The only supplement I take is fish oil. I used a protein powder for a while but I didn’t see that it did anything for me. I’ve been eating a low-carb diet for years, and honestly it hasn’t caused me to lose any weight–I’ve tried very low carb, like ZERO, without success either. I bought creatine recently, but my workouts have been temporarily interrupted with some back pain, so I can’t judge its effectiveness yet. I think I saw growth in my trapezius muscles in the week or so I was using it.
“I couldn’t wait for success, so I went ahead without it.”— Jonathan Winters
Here’s why I got hooked on weight-lifting. There are clearly defined goals, and you know when you get there: I lifted 50 pounds last week, I can lift 55 pounds this week. Progress. Results. Success. You see changes in your body within a matter of weeks, sometimes within days, from one workout to the next. Losing weight has never been that way for me. Each pound lost was an epic struggle, and each pound could be jeopardized by the dietary indiscretion of a single meal of a single day of the week. Fitness is never lost; the benefits of working out on Tuesday are not negated if you spend Wednesday on the sofa.
I have to be honest and say that if I was successful with continued weight loss, I’d probably be touting whatever plan I was on and the hell with fitness. I’d be all about showing off my size zero butt and subsisting on fat-free yogurt. There’s a lot of societal reward for that. My inability to lose any more weight after that initial 60 pounds forced me to focus on what IS attainable for me. I might simply be making a virtue of necessity, but in some ways I’m glad my focus has changed this way. Losing weight only made me feel better about the way I look, and that’s a very shaky foundation. Becoming more fit changed my perception of who I am.
“If I had more skill in what I’m attempting, I wouldn’t need so much courage.”— Ashleigh Brilliant
When it comes down to it, that’s what I wanted out of weight loss anyway: the ability to DO things. To walk, to run, to climb, to be able. Of course I also wanted to look good; who doesn’t? I’ve had to accept that I may never look the way I want, but I can acquire the ability to do anything I want. I can develop the ability to surf or dance or do push-ups or hike or run or skate. I may not ever be good at them, but being able to try is what matters.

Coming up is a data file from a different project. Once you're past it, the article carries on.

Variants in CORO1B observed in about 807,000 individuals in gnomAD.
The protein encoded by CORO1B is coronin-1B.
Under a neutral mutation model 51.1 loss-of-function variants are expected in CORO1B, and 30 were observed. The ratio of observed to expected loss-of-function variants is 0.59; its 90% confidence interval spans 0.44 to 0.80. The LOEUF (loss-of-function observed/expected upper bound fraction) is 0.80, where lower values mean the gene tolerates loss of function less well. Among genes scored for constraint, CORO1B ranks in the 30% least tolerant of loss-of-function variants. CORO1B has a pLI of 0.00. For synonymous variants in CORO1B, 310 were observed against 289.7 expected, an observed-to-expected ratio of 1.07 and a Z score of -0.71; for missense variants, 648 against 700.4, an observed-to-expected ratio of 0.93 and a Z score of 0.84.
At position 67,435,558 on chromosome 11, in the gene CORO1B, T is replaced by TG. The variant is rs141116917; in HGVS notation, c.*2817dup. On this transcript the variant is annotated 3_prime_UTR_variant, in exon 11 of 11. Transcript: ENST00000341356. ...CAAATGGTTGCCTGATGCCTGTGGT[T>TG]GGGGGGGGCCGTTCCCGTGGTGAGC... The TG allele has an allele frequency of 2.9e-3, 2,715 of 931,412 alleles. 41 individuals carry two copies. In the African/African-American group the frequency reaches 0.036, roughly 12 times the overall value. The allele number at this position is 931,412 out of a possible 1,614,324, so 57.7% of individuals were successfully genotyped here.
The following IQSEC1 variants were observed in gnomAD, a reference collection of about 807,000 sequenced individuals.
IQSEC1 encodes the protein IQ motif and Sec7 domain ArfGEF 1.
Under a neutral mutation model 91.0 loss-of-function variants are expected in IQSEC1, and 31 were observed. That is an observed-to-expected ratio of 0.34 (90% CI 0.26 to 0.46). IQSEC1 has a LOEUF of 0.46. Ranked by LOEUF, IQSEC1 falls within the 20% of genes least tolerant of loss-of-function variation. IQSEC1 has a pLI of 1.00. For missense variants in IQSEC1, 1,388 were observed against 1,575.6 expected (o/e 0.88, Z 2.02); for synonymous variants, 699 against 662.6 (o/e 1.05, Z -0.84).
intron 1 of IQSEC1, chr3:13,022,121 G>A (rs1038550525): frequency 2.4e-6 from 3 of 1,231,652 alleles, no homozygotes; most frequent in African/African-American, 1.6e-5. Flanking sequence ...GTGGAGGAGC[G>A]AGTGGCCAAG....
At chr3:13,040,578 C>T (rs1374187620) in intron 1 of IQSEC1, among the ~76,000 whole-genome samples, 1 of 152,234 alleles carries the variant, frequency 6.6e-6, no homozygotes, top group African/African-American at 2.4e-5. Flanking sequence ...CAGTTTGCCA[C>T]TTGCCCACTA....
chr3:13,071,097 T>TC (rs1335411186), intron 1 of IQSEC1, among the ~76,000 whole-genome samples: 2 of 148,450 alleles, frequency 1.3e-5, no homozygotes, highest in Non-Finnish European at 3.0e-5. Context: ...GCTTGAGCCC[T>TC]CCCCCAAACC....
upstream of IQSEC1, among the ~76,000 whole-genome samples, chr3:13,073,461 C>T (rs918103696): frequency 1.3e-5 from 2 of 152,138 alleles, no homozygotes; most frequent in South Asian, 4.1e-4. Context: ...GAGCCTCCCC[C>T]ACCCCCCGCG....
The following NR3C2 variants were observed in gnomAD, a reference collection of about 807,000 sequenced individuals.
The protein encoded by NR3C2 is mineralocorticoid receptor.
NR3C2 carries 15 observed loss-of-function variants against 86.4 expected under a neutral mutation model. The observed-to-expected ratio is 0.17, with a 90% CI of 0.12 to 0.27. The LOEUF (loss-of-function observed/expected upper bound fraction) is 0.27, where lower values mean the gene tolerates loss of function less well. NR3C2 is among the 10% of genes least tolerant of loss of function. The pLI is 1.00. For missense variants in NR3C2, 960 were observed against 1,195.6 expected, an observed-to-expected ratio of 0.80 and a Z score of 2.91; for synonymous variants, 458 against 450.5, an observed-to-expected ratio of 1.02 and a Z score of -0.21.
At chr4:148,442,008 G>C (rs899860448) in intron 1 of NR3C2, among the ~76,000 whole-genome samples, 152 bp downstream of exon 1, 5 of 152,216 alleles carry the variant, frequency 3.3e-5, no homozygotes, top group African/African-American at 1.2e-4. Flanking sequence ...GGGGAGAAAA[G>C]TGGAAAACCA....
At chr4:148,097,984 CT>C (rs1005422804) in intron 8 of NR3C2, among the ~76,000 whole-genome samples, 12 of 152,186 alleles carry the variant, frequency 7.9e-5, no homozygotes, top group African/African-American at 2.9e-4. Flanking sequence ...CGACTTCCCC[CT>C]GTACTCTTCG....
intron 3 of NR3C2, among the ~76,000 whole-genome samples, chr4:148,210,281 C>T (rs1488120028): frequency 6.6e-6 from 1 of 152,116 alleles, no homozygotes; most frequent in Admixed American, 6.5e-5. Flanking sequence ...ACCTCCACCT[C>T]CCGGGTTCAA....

I will always be conscious of and trying to control my weight–but not at the expense of good nutrition and physical strength. I remember at one point in a very low calorie diet I found I was literally too tired to exercise, and I realized what a very bad trade-off that was. Now I concentrate on eating nutritious, whole foods that fuel my body’s activities. I watch my portions but don’t obsess about it. I eat for function, not for fashion. If weight loss followed, that would be great, but it’s not the measure of my success.
“Life isn’t about finding yourself. Life is about creating yourself.”— George Bernard Shaw
The most important thing I gained from weight-lifting, and fitness in general, is confidence and belief in myself, and it’s extended into my career, my relationships, and my other activities. I tend to anticipate eventual success now, rather than failure. I know that showing up is the first step. I know that hard work pays off, that even when it doesn’t achieve the desired goal, there are many, many other benefits to working hard and long at something you love. I know that it can take a long time to achieve a goal–but what else were you doing with your time anyway?
I have so much more courage now–I feel that I have the right to try something regardless of what anyone else thinks. I’m less intimidated by the opinions of others–and no small part of that is mentally muttering “dude, I could kick your ass.” (Yes I know that’s juvenile.) I’ve learned how to deal with failure, to keep trying, and sometimes to rethink the challenge and find a better direction.
Weight lifting has also given me the ability to believe it when I do succeed. I’ve always been so insecure that I questioned whether an accomplishment really “counted,” whether it was worth doing, whether it was so easy anyone could do it, and even whether it happened at all. I can snatch defeat from the jaws of any victory. But when it comes to weight lifting, I know I did it. No one can do it for you, no one can take it away, nothing can make it any easier, there’s no tricks or shortcuts. Doing is believing.
One of my big successes recently was mastering push-ups. I set a goal of 10 push-ups and eventually worked my way from zero to goal. It took two months longer than I thought it would, but now I can do 10-12 reps in a row. Right now one of my big goals is to do a pull-up. It’s clearly impossible, given my body weight, but it makes me happy to be trying.